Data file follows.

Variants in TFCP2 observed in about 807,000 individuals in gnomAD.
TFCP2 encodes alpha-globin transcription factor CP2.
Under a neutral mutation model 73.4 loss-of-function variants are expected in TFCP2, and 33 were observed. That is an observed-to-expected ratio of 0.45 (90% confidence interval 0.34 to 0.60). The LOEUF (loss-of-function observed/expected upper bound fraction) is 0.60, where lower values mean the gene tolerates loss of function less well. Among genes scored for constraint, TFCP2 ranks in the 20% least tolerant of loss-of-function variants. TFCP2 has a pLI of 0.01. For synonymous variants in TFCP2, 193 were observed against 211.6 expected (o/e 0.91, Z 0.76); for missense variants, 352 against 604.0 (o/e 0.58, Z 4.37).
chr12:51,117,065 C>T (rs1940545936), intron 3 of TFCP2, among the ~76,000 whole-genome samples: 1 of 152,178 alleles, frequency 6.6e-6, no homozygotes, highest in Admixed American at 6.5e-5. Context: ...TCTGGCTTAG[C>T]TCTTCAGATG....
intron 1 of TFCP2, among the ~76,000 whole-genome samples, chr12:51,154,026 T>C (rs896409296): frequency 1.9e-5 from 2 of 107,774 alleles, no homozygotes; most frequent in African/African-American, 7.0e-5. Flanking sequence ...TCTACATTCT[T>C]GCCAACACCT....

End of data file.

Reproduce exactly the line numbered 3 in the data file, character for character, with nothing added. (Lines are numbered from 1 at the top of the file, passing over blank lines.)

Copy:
Under a neutral mutation model 73.4 loss-of-function variants are expected in TFCP2, and 33 were observed. That is an observed-to-expected ratio of 0.45 (90% confidence interval 0.34 to 0.60). The LOEUF (loss-of-function observed/expected upper bound fraction) is 0.60, where lower values mean the gene tolerates loss of function less well. Among genes scored for constraint, TFCP2 ranks in the 20% least tolerant of loss-of-function variants. TFCP2 has a pLI of 0.01. For synonymous variants in TFCP2, 193 were observed against 211.6 expected (o/e 0.91, Z 0.76); for missense variants, 352 against 604.0 (o/e 0.58, Z 4.37).